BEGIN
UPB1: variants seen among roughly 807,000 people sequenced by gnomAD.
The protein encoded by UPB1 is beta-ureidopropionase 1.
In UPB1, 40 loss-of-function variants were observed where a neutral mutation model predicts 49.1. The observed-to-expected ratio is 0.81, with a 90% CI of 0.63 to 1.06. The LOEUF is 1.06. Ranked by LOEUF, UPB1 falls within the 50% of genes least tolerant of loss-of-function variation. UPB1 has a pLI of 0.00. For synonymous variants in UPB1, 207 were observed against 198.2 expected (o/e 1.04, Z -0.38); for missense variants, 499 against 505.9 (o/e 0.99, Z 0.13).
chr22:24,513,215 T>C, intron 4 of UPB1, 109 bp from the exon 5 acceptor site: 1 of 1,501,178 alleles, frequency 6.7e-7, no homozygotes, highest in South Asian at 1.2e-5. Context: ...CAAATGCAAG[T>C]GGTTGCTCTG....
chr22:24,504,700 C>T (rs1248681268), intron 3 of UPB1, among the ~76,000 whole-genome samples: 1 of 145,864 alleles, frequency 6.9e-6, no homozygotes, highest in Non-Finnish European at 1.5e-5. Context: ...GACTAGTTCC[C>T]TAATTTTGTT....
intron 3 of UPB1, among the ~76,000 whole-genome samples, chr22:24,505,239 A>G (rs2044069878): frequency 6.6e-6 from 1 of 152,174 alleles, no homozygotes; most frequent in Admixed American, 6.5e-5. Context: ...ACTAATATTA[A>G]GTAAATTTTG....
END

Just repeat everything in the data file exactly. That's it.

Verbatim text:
UPB1: variants seen among roughly 807,000 people sequenced by gnomAD.
The protein encoded by UPB1 is beta-ureidopropionase 1.
In UPB1, 40 loss-of-function variants were observed where a neutral mutation model predicts 49.1. The observed-to-expected ratio is 0.81, with a 90% CI of 0.63 to 1.06. The LOEUF is 1.06. Ranked by LOEUF, UPB1 falls within the 50% of genes least tolerant of loss-of-function variation. UPB1 has a pLI of 0.00. For synonymous variants in UPB1, 207 were observed against 198.2 expected (o/e 1.04, Z -0.38); for missense variants, 499 against 505.9 (o/e 0.99, Z 0.13).
chr22:24,513,215 T>C, intron 4 of UPB1, 109 bp from the exon 5 acceptor site: 1 of 1,501,178 alleles, frequency 6.7e-7, no homozygotes, highest in South Asian at 1.2e-5. Context: ...CAAATGCAAG[T>C]GGTTGCTCTG....
chr22:24,504,700 C>T (rs1248681268), intron 3 of UPB1, among the ~76,000 whole-genome samples: 1 of 145,864 alleles, frequency 6.9e-6, no homozygotes, highest in Non-Finnish European at 1.5e-5. Context: ...GACTAGTTCC[C>T]TAATTTTGTT....
intron 3 of UPB1, among the ~76,000 whole-genome samples, chr22:24,505,239 A>G (rs2044069878): frequency 6.6e-6 from 1 of 152,174 alleles, no homozygotes; most frequent in Admixed American, 6.5e-5. Context: ...ACTAATATTA[A>G]GTAAATTTTG....